Honey Atkinson


Honey Atkinson

Words Karen Locke   Photos Honey Atkinson



If you've ever considered joining your local community gardens but are yet to take the leap, this interview with 35-year-old Justin O'Brien is likely to have you donning your overalls and racing out to buy a garden hoe.

Justin's obsession with gardening began early - following his nan around her garden and taking cuttings from neighbouring yards. While his skills are mostly self-taught, it was these childhood experiences that nurtured a lifelong love of growing vegetables. 

His 6-year-old plot at the Camden Community Gardens enables him and his wife Chantelle to have more control over the food they eat and how it was grown, as well as learning and sharing their knowledge and joy of gardening with others.


1. How long have you been growing vegetables and did you have a family member or friend inspire your love of gardening?

I've been gardening nearly my whole life. When I was a kid I had a couple of veggie patches at my mum's house. Most of my skills and knowledge have been self taught through trial and error, and I also read a lot of magazines - Gardening Australia and Organic Gardener are my favourites.

As far as influences in the early years, I would say that would have been my nan. When I was really young I used to follow her around her garden taking cuttings to grow in pots to take home. When I ran out of things to strike from her garden I used to take cuttings from people's front yards nearby her house. Then when I got a little older I guess my mum became more of an influence as she'd always have amazing annual displays under her roses in her front and backyard.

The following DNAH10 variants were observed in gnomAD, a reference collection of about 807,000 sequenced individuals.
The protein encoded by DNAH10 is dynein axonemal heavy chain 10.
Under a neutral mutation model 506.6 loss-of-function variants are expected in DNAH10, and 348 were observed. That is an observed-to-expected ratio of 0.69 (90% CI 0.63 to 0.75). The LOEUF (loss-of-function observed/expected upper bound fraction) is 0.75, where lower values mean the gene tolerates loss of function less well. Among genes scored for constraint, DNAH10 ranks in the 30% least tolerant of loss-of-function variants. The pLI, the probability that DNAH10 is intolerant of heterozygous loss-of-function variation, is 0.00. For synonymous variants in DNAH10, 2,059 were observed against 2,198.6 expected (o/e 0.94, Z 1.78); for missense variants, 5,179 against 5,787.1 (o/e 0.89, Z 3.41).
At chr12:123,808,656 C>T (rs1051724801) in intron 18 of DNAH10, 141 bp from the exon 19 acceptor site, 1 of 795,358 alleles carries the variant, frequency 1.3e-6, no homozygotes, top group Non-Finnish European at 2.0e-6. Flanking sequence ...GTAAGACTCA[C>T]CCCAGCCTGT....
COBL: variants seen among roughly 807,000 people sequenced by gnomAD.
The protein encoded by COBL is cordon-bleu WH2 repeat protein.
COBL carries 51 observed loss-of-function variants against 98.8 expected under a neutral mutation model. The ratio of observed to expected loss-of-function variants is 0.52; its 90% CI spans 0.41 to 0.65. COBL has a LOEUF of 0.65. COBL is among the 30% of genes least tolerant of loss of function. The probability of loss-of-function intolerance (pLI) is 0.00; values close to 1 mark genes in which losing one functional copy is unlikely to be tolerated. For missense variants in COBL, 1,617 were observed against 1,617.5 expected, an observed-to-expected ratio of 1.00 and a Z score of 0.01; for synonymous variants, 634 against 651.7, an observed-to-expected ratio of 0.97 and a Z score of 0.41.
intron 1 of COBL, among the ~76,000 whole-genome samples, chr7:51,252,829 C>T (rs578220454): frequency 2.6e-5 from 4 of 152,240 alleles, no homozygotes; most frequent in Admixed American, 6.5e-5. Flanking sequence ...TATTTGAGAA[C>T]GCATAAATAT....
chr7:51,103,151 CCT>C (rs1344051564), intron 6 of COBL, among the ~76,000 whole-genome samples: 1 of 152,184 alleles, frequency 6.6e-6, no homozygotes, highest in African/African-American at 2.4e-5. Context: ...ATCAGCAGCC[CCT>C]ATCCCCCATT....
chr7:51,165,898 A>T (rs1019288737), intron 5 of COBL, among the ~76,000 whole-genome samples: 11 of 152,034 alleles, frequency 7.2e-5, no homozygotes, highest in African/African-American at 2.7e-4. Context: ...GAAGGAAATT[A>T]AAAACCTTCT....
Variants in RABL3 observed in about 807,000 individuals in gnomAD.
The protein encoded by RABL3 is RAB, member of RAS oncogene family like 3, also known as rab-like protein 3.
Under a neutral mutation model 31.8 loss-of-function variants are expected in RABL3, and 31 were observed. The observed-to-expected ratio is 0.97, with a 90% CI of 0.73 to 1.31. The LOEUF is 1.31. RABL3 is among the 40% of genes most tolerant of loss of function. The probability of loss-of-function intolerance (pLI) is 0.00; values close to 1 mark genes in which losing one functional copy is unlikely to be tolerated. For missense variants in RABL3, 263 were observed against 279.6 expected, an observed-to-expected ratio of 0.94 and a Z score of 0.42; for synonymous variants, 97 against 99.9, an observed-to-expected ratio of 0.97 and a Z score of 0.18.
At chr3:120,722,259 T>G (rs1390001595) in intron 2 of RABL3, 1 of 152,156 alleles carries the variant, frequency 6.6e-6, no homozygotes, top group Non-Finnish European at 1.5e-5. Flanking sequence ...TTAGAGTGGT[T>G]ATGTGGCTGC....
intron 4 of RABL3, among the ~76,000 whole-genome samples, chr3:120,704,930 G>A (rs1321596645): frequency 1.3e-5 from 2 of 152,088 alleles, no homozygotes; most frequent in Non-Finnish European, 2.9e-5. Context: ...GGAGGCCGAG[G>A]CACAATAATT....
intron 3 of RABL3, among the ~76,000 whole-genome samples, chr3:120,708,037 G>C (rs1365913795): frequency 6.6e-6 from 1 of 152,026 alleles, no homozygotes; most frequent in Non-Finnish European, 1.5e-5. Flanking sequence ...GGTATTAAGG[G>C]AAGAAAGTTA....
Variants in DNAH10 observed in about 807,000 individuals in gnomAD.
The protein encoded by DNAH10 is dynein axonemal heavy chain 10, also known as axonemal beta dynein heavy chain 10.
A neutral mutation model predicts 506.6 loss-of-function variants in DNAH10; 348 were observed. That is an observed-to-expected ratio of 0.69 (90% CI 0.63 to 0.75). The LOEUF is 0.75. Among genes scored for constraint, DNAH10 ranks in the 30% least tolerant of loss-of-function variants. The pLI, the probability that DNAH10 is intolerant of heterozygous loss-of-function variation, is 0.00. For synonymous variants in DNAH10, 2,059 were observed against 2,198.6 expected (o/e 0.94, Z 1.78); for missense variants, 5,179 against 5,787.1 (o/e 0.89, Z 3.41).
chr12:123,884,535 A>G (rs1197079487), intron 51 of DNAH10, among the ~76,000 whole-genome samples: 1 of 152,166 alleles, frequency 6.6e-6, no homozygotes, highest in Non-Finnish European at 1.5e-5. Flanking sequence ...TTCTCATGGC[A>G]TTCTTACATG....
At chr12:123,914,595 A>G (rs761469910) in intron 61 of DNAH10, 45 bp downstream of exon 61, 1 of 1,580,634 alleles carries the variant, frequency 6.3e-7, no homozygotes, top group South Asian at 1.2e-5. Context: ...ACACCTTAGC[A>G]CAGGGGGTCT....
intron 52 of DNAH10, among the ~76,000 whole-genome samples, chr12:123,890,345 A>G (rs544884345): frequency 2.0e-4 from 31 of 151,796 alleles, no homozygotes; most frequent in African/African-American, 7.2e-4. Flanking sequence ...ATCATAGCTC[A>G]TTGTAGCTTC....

2. Why do you think you're so passionate about growing vegetables? And does your wife Chantelle share your love of gardening?

Yes, Chantelle is definitely interested in growing veggies and has learnt so much since we've been together. There were a few sacrificial seedlings in the early days mistaken for weeds though, and she did cut back a fruiting blackberry vine to the ground to 'tidy it up for me'! But she loves having fresh eggs and veggies and is always cooking amazing dishes and helping out where she can. 

One of the many reasons I think I'm so passionate about growing vegetables is I feel like it gives me more control over what I eat and the processes involved in growing it. I also really enjoy being creative, so I try to make the plots as aesthetically pleasing as possible (much to the amusement of Steve Cooper, the curator at the community garden!). Another bonus is it's incredibly relaxing. When I'm working in the gardens I don't have a care in the world.

3. Your veggie plot at the Camden Community Gardens looks amazing! When did you first start growing here and what made you want to be involved in the community gardens rather than growing at home?

I've had one plot for roughly 6 years now and picked up a second plot about 2 1/2 years ago. I decided to get involved as I'd been reading lots about how community gardens were popping up everywhere and loved the idea of sharing my passion with other like minded gardeners and the community.

Up until recently when we moved house, I had a veggie patch, orchard, chickens and native bees at home in Narellan Vale on 581sqm as well as the two plots which allowed me to rotate crops and grow a greater variety of veggies. These days though the chickens are located at the community garden and my native bees are at the new place two minutes up the road. I also have honey bees at my in-laws property. 


4. What are the benefits of growing in the community gardens and would you recommend it to others?